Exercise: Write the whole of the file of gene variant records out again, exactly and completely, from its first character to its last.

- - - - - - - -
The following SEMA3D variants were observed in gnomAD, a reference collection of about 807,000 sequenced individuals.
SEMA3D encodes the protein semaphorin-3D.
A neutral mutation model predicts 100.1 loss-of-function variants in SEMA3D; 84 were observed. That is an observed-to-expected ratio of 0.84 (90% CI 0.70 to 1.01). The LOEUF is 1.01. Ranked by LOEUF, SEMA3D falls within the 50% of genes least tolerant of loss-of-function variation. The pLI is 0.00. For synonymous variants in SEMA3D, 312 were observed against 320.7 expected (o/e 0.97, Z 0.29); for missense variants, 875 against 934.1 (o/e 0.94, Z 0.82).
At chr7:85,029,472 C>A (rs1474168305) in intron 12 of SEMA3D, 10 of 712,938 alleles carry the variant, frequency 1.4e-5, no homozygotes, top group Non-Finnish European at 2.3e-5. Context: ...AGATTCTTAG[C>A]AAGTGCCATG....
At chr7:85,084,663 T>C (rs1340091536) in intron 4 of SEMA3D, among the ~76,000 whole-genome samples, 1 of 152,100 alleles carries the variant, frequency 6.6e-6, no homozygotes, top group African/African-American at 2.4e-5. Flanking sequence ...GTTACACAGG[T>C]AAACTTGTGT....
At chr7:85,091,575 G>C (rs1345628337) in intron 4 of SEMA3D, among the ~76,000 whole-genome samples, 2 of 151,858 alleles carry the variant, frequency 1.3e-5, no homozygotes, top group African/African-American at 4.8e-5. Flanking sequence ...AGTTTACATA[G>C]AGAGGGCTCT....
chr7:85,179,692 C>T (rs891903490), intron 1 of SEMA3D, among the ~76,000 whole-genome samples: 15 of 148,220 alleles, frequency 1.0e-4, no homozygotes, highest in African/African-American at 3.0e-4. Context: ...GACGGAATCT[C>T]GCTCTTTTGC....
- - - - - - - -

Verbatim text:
The following SEMA3D variants were observed in gnomAD, a reference collection of about 807,000 sequenced individuals.
SEMA3D encodes the protein semaphorin-3D.
A neutral mutation model predicts 100.1 loss-of-function variants in SEMA3D; 84 were observed. That is an observed-to-expected ratio of 0.84 (90% CI 0.70 to 1.01). The LOEUF is 1.01. Ranked by LOEUF, SEMA3D falls within the 50% of genes least tolerant of loss-of-function variation. The pLI is 0.00. For synonymous variants in SEMA3D, 312 were observed against 320.7 expected (o/e 0.97, Z 0.29); for missense variants, 875 against 934.1 (o/e 0.94, Z 0.82).
At chr7:85,029,472 C>A (rs1474168305) in intron 12 of SEMA3D, 10 of 712,938 alleles carry the variant, frequency 1.4e-5, no homozygotes, top group Non-Finnish European at 2.3e-5. Context: ...AGATTCTTAG[C>A]AAGTGCCATG....
At chr7:85,084,663 T>C (rs1340091536) in intron 4 of SEMA3D, among the ~76,000 whole-genome samples, 1 of 152,100 alleles carries the variant, frequency 6.6e-6, no homozygotes, top group African/African-American at 2.4e-5. Flanking sequence ...GTTACACAGG[T>C]AAACTTGTGT....
At chr7:85,091,575 G>C (rs1345628337) in intron 4 of SEMA3D, among the ~76,000 whole-genome samples, 2 of 151,858 alleles carry the variant, frequency 1.3e-5, no homozygotes, top group African/African-American at 4.8e-5. Flanking sequence ...AGTTTACATA[G>C]AGAGGGCTCT....
chr7:85,179,692 C>T (rs891903490), intron 1 of SEMA3D, among the ~76,000 whole-genome samples: 15 of 148,220 alleles, frequency 1.0e-4, no homozygotes, highest in African/African-American at 3.0e-4. Context: ...GACGGAATCT[C>T]GCTCTTTTGC....